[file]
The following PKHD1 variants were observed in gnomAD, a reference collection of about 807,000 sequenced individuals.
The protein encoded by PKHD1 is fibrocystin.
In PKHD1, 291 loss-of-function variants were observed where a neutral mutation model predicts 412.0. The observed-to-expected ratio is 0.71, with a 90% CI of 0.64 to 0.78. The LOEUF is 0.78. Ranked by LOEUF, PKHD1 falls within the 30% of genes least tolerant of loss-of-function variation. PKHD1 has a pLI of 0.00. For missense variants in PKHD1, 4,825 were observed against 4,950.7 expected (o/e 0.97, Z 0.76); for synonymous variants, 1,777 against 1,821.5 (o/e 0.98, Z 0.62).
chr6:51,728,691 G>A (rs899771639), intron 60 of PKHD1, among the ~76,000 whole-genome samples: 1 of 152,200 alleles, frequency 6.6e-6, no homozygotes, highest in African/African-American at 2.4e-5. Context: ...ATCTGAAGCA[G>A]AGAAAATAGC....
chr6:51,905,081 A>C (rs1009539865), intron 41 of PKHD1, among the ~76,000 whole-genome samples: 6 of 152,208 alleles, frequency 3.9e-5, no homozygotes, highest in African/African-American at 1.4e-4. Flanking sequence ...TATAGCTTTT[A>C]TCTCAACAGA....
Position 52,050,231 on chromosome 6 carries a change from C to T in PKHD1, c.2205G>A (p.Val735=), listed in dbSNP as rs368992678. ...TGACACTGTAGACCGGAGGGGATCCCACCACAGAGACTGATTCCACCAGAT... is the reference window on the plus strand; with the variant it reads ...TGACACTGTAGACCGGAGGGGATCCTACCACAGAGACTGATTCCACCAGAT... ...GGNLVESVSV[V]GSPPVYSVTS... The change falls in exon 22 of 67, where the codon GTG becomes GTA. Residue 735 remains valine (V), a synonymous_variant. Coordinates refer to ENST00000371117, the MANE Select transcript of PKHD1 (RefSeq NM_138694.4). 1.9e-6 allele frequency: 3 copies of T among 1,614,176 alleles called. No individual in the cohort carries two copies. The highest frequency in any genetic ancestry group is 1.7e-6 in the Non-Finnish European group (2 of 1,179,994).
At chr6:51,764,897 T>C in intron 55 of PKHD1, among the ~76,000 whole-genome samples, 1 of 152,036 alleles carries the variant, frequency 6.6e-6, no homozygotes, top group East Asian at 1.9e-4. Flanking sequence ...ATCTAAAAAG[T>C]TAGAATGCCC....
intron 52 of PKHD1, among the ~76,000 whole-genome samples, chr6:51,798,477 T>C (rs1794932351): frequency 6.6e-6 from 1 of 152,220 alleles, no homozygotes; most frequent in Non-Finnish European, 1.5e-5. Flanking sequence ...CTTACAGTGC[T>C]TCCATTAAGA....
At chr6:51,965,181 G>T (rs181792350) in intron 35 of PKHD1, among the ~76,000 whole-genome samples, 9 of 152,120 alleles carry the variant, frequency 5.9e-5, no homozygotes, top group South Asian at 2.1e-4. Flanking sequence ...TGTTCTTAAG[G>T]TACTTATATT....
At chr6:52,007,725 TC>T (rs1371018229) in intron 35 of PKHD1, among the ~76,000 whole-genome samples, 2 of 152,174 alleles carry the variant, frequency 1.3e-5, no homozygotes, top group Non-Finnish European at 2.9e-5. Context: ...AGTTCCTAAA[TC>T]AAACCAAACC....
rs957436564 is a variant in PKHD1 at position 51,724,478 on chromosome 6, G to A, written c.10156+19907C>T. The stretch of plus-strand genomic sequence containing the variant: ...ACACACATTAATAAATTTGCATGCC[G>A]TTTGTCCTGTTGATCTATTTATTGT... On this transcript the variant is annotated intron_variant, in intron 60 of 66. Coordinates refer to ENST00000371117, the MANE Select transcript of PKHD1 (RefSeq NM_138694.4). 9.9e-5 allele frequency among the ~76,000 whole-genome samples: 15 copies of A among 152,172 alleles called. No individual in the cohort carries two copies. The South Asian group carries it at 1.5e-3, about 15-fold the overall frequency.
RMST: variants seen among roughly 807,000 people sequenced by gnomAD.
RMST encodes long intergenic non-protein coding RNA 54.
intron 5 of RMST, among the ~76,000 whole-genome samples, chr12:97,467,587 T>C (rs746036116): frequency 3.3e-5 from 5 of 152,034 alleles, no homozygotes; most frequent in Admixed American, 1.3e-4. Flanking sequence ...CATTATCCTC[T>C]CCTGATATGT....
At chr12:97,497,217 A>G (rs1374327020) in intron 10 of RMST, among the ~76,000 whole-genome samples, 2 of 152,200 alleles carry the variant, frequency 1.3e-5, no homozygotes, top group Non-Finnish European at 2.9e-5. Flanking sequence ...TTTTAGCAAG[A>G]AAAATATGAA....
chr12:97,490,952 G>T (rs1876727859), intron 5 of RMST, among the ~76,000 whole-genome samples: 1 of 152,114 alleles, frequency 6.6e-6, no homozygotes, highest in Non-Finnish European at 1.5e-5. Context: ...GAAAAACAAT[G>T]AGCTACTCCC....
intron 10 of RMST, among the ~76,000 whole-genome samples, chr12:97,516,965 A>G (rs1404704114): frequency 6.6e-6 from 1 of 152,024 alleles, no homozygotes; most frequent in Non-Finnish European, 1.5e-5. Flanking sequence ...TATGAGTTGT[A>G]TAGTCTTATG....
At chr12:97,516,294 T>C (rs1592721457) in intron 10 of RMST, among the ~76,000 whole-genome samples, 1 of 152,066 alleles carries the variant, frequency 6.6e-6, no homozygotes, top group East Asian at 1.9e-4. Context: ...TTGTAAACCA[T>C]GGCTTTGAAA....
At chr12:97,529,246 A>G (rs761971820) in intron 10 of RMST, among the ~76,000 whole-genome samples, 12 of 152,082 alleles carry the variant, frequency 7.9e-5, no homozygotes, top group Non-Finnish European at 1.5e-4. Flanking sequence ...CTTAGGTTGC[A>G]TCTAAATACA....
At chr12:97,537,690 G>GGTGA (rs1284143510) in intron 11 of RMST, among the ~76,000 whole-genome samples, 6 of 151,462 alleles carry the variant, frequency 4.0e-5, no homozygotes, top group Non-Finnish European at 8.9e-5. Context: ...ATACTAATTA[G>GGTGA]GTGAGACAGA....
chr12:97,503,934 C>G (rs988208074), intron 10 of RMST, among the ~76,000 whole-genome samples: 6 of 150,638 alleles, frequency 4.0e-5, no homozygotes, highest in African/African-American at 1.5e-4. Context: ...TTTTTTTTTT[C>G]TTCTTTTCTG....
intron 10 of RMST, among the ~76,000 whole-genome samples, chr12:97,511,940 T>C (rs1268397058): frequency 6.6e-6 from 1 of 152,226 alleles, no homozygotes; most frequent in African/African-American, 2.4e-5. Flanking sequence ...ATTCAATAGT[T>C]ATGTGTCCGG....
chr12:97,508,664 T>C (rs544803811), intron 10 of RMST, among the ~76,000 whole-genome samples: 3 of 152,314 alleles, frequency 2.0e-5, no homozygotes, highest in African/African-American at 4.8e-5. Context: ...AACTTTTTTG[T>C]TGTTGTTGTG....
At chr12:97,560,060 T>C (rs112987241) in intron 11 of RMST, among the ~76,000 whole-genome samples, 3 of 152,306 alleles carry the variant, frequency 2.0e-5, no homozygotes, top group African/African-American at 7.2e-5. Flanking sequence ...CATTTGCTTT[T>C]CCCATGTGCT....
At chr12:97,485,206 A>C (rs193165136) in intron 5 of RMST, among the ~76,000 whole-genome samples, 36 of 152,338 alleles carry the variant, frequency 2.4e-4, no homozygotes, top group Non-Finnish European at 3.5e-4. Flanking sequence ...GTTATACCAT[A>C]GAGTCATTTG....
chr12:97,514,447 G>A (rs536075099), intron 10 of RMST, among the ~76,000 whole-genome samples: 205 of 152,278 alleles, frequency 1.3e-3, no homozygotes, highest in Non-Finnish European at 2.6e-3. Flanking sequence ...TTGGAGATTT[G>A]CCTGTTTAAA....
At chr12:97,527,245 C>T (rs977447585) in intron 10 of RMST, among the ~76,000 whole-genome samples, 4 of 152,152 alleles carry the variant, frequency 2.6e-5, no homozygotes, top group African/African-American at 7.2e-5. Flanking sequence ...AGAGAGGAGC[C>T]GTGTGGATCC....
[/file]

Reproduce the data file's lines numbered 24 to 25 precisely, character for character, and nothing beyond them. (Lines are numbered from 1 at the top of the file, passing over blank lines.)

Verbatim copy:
At chr12:97,560,060 T>C (rs112987241) in intron 11 of RMST, among the ~76,000 whole-genome samples, 3 of 152,306 alleles carry the variant, frequency 2.0e-5, no homozygotes, top group African/African-American at 7.2e-5. Flanking sequence ...CATTTGCTTT[T>C]CCCATGTGCT....
At chr12:97,485,206 A>C (rs193165136) in intron 5 of RMST, among the ~76,000 whole-genome samples, 36 of 152,338 alleles carry the variant, frequency 2.4e-4, no homozygotes, top group Non-Finnish European at 3.5e-4. Flanking sequence ...GTTATACCAT[A>C]GAGTCATTTG....